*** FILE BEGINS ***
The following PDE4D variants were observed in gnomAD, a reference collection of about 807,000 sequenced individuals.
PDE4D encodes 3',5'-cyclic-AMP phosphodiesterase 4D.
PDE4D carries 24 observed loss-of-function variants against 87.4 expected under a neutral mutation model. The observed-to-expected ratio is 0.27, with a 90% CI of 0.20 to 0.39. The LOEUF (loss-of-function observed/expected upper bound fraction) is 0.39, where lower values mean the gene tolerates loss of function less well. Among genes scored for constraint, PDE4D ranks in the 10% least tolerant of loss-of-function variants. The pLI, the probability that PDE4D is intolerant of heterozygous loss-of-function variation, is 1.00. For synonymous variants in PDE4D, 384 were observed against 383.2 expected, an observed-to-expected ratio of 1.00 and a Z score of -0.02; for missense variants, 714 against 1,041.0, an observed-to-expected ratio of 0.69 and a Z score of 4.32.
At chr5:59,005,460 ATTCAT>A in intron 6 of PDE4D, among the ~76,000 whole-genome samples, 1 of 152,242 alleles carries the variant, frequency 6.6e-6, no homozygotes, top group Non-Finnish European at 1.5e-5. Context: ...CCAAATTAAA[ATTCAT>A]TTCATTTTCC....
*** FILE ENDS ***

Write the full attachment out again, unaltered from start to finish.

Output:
The following PDE4D variants were observed in gnomAD, a reference collection of about 807,000 sequenced individuals.
PDE4D encodes 3',5'-cyclic-AMP phosphodiesterase 4D.
PDE4D carries 24 observed loss-of-function variants against 87.4 expected under a neutral mutation model. The observed-to-expected ratio is 0.27, with a 90% CI of 0.20 to 0.39. The LOEUF (loss-of-function observed/expected upper bound fraction) is 0.39, where lower values mean the gene tolerates loss of function less well. Among genes scored for constraint, PDE4D ranks in the 10% least tolerant of loss-of-function variants. The pLI, the probability that PDE4D is intolerant of heterozygous loss-of-function variation, is 1.00. For synonymous variants in PDE4D, 384 were observed against 383.2 expected, an observed-to-expected ratio of 1.00 and a Z score of -0.02; for missense variants, 714 against 1,041.0, an observed-to-expected ratio of 0.69 and a Z score of 4.32.
At chr5:59,005,460 ATTCAT>A in intron 6 of PDE4D, among the ~76,000 whole-genome samples, 1 of 152,242 alleles carries the variant, frequency 6.6e-6, no homozygotes, top group Non-Finnish European at 1.5e-5. Context: ...CCAAATTAAA[ATTCAT>A]TTCATTTTCC....